Northern Border Crisis: NJ-Based Gang Smuggles Illegal Immigrants

While America’s illegal immigrant issues always seem geared towards the southern border, the crisis faced by the northern border seems to be neglected. According to a newly released report, a gang based out of New Jersey made up of illegal immigrants, is smuggling other illegals into the U.S. through Canada for a hefty $6,000 price tag.

Court documents state that the gang is known as a “human smuggling organization,” helping illegals cross the U.S.-Canada border near Franklin, Vermont.

According to The Daily Mail, the gang has been smuggling illegals across the northern border since 2019, using the border between Quebec and Vermont.

Two of the gang’s ringleaders, Jhon Reina-Perez and Victor Lopez-Padilla, are illegals from Guatemala and Colombia who snuck across the Mexican border and settled in New Jersey. They were caught by U.S. authorities, who tracked their vehicles and cell phones.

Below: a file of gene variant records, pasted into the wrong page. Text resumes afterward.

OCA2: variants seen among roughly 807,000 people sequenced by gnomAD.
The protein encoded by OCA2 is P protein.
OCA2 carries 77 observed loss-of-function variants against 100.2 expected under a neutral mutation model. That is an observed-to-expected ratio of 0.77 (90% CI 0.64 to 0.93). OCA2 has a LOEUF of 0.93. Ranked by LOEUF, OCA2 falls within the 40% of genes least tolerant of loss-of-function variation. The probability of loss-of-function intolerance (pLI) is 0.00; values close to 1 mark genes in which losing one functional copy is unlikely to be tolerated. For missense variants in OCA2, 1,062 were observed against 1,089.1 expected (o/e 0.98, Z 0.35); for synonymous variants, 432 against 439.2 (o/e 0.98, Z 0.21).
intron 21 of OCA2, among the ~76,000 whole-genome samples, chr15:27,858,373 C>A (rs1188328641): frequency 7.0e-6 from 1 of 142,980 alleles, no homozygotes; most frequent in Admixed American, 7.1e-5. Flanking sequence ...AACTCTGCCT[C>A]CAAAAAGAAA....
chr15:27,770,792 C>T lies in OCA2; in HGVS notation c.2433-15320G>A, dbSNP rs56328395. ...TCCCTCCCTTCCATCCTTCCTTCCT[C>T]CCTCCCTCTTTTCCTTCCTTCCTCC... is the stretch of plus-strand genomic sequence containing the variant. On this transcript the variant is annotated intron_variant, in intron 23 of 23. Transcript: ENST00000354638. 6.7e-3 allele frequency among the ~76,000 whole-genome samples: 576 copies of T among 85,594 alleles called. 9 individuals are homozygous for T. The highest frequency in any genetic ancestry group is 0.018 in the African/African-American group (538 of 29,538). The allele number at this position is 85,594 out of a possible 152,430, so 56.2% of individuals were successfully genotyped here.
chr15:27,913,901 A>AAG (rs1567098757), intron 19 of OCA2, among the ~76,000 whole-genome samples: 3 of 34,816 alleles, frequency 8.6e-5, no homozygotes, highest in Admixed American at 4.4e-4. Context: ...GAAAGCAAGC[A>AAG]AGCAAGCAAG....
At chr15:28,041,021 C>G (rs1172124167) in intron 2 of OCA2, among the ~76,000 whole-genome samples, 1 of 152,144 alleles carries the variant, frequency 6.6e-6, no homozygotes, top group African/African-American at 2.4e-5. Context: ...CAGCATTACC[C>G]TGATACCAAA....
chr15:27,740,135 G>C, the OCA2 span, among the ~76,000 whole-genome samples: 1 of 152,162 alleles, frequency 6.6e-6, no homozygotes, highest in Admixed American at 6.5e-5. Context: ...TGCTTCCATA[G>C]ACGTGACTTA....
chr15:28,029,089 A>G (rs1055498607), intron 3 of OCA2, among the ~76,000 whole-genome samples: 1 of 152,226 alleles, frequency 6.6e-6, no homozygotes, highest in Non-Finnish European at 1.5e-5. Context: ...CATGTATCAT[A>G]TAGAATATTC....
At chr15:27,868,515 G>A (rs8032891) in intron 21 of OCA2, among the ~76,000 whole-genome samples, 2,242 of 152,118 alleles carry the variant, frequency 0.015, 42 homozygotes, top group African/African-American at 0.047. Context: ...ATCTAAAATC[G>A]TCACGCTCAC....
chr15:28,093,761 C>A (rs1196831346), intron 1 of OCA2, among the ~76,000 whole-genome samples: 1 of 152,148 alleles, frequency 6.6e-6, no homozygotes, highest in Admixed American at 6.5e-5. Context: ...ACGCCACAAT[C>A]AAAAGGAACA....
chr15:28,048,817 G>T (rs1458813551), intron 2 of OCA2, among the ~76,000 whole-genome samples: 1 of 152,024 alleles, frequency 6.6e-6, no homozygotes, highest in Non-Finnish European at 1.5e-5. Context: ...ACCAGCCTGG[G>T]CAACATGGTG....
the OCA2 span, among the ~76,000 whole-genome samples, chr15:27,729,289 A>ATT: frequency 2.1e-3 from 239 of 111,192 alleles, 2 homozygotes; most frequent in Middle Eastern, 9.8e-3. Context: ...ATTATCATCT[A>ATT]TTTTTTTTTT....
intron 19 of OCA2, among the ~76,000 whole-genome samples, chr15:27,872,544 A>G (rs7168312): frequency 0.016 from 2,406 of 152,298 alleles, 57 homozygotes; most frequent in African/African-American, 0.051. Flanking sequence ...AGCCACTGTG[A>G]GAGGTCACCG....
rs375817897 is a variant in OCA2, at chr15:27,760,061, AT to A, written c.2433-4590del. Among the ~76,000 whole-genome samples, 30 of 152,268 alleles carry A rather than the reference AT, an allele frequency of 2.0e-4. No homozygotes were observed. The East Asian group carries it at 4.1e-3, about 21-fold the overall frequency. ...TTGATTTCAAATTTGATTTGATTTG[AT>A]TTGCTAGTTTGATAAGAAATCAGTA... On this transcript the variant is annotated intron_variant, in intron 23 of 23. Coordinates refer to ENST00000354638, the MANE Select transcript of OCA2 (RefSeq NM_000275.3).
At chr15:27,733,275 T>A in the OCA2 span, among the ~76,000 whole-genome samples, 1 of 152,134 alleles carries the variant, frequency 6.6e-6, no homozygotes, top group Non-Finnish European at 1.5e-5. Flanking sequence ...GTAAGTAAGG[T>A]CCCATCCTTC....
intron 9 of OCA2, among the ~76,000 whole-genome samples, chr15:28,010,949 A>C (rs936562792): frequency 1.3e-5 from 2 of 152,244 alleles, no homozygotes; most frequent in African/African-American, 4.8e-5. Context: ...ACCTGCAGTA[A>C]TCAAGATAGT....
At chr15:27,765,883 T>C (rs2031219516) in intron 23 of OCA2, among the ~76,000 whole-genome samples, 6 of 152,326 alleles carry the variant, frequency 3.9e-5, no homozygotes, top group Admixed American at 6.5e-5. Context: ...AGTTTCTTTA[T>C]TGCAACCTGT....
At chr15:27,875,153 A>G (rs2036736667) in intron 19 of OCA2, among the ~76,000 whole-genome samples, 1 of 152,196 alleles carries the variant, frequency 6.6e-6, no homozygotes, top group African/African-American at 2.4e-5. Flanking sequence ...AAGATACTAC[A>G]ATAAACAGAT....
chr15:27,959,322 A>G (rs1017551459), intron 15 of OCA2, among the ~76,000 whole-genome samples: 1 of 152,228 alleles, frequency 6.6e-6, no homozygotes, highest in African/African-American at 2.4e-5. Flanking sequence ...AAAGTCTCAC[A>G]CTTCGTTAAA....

“They use the phones to research related topics, to select locations for crossings and pick-ups, and to navigate to those locations while driving or on foot,” agent Loomis explained in an affidavit. “Cellular phones are often used to both guide and track the migrants when they illegally enter the country and look for the pick-up location.”

Reina-Perez, 34, entered the country in April 2022, crossing from Mexico to the El Paso, Texas area, according to court documents. Lopez-Padilla, 35, illegally crossed the southern border on June 20, 2019. Both men were previously arrested, but released by ICE.

To smuggle illegals across the border, the ringleaders would pay drivers, who would transport them deeper into the country, according to The Daily Mail. The drivers also held illegal statuses.

Last June, Elmer Bran-Galvez, an alleged driver for the gang, was stopped by border agents in Franklin, Vermont with four illegals in his vehicle. He told the agents that he was paid $1,800 for each illegal he transported. He was not charged.

The northern border saw 10,021 arrests in 2023 for illegal crossings, which is five times more than the amount in 2022. This number pales in comparison to the 2 million plus illegals that overburden the southern border.